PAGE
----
Real-time communications in medical devices

9 February 2021

How “medical things” can take advantage of WebRTC and other real-time communication tools to boost new use cases. 

Real-time communications have been used in recent years for telemedicine and patient care. This direct access from patients to health specialists makes even more sense today, during and after the COVID19 disease. WebRTC is a convenient technology for telemedicine, as it hides all the complexity (device type, browser, OS, etc.) of the user when accessing a real-time session with a doctor.

In this article we’ll explore how “medical things” (some specialists coined the term “Internet of Medical Things”) can take advantage of WebRTC and other real-time communication tools to boost new use cases.

Traditionally, IoT has been adopted from hospitals and healthcare providers to monitor patients’ health through wearables (small sensors) or even their own mobile device. Pharmaceutical companies are adapting their strategy in order to provide additional tools to customers, so they can have a different offering in the competitive market. As they have a direct revenue stream dealing with patients, helping them to monitor their health from home or any other place makes sense.

Connected medical things is a reality today boosted by smart sensors available in user devices and other major technical advances. This is the case of artificial intelligence that is helping in medical diagnosis after collecting all the information from sensors and checking that the customers or patients receive all the information that is needed. In addition, AI is also helping in medical product development and process and workflow optimization.

Another enabler is Big Data. Now doctors and experts can make diagnosis easier and more accurate. This is facilitating medical histories, statistics and demographics and improving laboratory results.

The role of WebRTC in medical devices

Despite WebRTC being well-known as the technology that is boosting video calls in the pandemic era, it’s being used for other purposes, too. Basically, WebRTC is supported by major browsers today, that provide something like an abstraction layer that hides all the complexity related to the hardware (the device) and the underlying software (operating system, etc).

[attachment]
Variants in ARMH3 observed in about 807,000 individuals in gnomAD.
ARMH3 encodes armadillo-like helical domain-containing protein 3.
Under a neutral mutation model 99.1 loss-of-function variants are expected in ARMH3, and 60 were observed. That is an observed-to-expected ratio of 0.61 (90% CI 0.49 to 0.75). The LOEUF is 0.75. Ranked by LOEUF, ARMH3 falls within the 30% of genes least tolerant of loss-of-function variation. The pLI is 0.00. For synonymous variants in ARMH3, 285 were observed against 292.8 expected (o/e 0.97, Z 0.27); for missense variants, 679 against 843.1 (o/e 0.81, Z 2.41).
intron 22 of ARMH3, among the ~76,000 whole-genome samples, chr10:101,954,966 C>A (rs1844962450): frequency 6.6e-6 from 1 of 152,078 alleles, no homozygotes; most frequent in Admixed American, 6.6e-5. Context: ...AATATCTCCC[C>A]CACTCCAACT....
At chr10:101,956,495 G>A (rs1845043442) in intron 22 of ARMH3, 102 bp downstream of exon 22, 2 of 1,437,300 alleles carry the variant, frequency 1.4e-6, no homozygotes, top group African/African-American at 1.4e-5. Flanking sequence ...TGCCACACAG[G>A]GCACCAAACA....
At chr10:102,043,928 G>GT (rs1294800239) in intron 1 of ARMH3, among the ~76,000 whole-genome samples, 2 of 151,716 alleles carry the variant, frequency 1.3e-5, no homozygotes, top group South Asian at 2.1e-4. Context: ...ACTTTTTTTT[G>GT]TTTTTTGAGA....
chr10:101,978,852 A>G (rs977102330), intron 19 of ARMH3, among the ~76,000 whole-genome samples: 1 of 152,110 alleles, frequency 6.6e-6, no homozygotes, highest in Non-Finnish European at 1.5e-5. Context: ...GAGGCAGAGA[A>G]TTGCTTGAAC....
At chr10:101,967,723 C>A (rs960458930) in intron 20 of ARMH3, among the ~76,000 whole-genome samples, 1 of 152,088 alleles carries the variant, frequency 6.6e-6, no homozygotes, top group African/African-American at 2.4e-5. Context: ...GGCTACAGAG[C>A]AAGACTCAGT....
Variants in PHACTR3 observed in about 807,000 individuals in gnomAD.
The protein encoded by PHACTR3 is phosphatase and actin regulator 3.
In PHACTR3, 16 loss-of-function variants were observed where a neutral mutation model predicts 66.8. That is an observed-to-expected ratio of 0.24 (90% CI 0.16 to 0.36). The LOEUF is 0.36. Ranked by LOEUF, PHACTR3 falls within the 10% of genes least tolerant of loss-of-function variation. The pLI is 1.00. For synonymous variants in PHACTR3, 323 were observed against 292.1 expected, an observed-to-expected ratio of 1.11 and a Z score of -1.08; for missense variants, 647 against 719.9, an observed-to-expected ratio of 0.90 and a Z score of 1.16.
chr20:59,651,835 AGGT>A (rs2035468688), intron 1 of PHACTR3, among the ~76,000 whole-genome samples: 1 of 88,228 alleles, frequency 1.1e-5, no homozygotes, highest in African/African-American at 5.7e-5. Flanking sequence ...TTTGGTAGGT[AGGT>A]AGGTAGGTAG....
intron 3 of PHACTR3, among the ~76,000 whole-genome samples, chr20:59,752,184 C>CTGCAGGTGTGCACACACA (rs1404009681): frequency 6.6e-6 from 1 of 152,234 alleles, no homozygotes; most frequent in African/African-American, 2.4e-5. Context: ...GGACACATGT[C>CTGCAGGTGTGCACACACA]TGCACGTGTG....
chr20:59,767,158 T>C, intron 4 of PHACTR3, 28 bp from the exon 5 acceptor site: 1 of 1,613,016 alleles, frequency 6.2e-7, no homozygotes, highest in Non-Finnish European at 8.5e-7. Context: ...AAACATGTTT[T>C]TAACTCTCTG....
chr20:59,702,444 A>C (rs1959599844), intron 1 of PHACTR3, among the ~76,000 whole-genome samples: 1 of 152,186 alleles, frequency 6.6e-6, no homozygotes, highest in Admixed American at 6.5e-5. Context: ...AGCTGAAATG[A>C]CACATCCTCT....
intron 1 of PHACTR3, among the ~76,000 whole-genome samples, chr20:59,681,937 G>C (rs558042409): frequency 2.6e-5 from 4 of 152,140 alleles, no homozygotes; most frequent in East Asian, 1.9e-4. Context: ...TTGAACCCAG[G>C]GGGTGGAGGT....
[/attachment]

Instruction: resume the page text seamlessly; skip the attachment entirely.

What happens to those devices that lack a browser?

Small devices (embedded things, etc.) might take advantage of WebRTC as it provides a communication channel for real time communication, not only for video calls. Websockets provide a way to exchange traffic (data) in real time, with the characteristics of technology like security by default (both signalling and media are ciphered), low-latency and network efficiency.

For instance, Quobis Communications Platform has a C++ based stack for those smart devices that lack some of the components (browsers,…) needed to have a WebRTC-enabled session. This can help medical device manufacturers (including general-purpose sensors) to support WebRTC for data exchange and, even, if possible, place voice or video calls from rare devices.

An example from the trenches:  Two-way video-audio communications from the ambulance

Zebra Academy is a Belgium-based technology provider that is helping emergency services and healthcare companies to efficiently manage patients in ambulances that have suffered a heart stroke. This is the first cause of acquired disability and one of the major causes of death today world-wide.

A WebRTC-based application built on top of Quobis SDKs is running in an embedded device in some ambulances to get two-way video-audio communications from the ambulance and get information from local sensors really easy to adopt for paramedics. This, together with a powerful web application for the doctor in the hospital (who is monitoring the shared critical stroke data) is reducing the criticality of the patients when they are being transferred to the hospital. We can talk about real-time treatment through registration and correction of vital parameters in the ambulance.

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